I realize these have been posted about before but not really in depth. The reason the Lentibulariaceae are interesting is their extremely varied morphology (from aquatic invasive species like U. inflata to alpine and tropical land plants of the other two genera, Pinguicula and Genlisea) and also their curious rapid molecular evolution and genome downsizing.
Let me explain. First, morphology. We normally think of plants as having roots that go down and shoots that go up, gravitropism at work, right? Of course there are notable exceptions, like the aerial roots of mangroves or the "knees" of bald cypress in swamps. Some members of the Lentibulariaceae, especially those in the genus Utricularia turn everything on its head. To be accurate, these plants don't have any true roots or cotyledons (embryonic leaves), nor do their "leaves" appear to be leaf-like. For many of the species, especially the aquatic ones like U. inflata, the main vegetative body part is essentially a stolon. The terrestrial species, like this one (U. longifolia) to the right, has no roots but modified stems, often called rhizoids, anchoring it in the soil. Those "leaves" you see on U. longifolia might possibly be leaves, but there's been much debate about what the proper term for them is, since they're not really true leaves. Peter Taylor, the main man who monographed this genus in 1986, revised in 1989, a monumental task, called them "modified leaf-like organs" but settled for calling them "leaves" for the remainder of the 700-page monograph to save ink. Similarly, the carnivorous traps of the genus Genlisea (photo below) that attract and capture soil protozoans are really modified underground leaves! The traps of Utricularia are of course the vacuum/suction bladders you've seen above (they actually create negative pressure inside the bladder trap!) and the traps of Pinguicula are similar to those of the sundews (Drosera), simply sticky leaves. So why the huge morphological differences? How the hell did they get like this?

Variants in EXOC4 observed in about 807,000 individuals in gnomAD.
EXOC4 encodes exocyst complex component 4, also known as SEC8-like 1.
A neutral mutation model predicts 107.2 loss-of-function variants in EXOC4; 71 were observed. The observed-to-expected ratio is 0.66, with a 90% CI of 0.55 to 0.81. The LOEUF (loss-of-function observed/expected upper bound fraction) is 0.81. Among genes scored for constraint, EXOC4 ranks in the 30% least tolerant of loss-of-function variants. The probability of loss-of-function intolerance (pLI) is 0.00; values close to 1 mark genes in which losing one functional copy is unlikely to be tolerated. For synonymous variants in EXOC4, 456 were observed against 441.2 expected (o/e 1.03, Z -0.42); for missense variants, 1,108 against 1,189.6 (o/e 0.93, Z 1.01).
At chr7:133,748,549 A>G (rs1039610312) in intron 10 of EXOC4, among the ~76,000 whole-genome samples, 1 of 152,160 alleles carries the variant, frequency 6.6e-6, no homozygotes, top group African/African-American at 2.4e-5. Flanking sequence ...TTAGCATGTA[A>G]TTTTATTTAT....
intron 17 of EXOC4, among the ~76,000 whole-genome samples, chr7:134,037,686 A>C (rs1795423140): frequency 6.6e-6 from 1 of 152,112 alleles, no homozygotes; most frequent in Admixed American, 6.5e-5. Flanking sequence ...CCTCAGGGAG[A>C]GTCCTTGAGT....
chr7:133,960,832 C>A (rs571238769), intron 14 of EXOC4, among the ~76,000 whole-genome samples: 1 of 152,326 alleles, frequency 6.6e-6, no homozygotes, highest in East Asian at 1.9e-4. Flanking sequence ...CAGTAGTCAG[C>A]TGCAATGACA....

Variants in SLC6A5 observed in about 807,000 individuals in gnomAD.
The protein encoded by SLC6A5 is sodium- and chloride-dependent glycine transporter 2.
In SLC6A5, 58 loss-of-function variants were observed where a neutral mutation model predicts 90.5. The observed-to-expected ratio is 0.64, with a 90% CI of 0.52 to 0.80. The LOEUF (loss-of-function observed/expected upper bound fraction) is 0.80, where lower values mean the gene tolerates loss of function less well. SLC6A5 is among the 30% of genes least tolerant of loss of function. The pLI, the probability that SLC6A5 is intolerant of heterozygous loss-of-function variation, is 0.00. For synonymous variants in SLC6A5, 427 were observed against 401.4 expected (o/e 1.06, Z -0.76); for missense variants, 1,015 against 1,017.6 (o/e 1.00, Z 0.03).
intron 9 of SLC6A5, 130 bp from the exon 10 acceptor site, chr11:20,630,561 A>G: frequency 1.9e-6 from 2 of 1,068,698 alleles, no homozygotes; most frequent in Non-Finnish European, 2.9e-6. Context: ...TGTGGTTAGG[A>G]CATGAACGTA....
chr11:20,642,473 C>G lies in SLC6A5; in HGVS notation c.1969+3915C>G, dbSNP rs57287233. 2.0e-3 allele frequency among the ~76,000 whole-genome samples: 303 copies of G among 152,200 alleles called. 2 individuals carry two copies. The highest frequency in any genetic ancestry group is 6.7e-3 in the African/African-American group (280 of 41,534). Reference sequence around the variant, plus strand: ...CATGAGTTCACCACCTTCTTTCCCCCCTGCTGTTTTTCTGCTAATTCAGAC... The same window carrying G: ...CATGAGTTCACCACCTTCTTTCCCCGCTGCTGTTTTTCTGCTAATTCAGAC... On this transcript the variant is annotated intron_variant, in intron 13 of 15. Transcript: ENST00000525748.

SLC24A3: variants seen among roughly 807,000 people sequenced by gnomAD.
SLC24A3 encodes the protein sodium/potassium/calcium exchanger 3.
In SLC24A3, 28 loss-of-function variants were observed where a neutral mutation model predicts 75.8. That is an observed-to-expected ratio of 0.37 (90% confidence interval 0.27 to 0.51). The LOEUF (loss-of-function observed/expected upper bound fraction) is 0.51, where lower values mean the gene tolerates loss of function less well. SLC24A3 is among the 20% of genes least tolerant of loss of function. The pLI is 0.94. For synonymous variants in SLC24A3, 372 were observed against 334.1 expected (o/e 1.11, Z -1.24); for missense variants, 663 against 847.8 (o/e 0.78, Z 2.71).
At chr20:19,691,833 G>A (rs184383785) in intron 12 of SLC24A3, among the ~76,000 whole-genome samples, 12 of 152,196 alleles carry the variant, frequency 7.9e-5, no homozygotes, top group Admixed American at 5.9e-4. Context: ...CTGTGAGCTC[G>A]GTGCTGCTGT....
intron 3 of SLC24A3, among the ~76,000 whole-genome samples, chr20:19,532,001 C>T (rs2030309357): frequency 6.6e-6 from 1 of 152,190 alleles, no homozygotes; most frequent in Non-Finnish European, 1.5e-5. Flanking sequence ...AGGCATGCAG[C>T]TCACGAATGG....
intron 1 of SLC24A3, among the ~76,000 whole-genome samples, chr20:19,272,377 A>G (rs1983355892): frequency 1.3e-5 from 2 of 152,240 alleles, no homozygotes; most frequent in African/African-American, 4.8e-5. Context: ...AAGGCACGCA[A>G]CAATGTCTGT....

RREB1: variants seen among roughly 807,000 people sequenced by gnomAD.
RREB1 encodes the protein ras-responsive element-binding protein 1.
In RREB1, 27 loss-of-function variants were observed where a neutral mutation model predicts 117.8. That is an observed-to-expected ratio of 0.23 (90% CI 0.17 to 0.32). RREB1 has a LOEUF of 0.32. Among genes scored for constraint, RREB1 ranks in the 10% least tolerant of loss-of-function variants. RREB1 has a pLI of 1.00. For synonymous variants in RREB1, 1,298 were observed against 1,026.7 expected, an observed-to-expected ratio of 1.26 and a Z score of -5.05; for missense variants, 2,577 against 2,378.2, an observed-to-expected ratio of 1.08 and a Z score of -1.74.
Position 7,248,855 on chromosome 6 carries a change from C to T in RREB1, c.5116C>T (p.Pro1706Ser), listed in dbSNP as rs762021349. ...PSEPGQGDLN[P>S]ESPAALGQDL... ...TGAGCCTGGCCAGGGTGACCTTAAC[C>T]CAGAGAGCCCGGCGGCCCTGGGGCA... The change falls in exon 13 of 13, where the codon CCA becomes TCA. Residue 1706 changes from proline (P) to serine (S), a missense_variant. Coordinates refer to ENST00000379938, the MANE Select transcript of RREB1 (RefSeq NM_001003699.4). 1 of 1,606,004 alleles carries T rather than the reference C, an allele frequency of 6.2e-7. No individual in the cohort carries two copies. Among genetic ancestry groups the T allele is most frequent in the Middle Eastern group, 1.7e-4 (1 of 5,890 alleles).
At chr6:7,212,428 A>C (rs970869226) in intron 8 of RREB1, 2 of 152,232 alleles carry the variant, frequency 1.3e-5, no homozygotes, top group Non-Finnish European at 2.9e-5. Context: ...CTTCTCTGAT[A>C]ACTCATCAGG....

Simple answer is no one's quite sure. All we know for sure is that there's been extremely rapid molecular evolution that's allowed this family to develop three very different kinds of carnivory in a relatively short period of time. Even more surprising is that some species in this genus, specifically Genlisea margaretae, have a high number of chromosomes (diploid number around 40), while the chromosomes themselves are very small. Here's the fun part: Individual chromatids of G. margaretae are even smaller than some bacterial chromosomes. As of 2006, G. margaretae has the smallest flowering plant genome ever recorded. Much smaller than the model organism, Arabidopsis thaliana. Add to the equation that among 400 other genera tested, these plants are evolving much faster than anything else in certain genes that were tested (usually ones that code for ribosomes). Fascinating, no?
Some more photos for photo junkies:
Genlisea lobata × violacea flower
And the one everyone says looks like a bunny rabbit:
I suppose that's all for now. This whole plant family is fun to play with and relatively easy to grow, depending on the species. I have a few that are considered weeds in carnivorous plant cultivation. Can't get rid of them! And of course, there's more interesting stuff about these plants, but this is all I could think of immediately. Sources are below.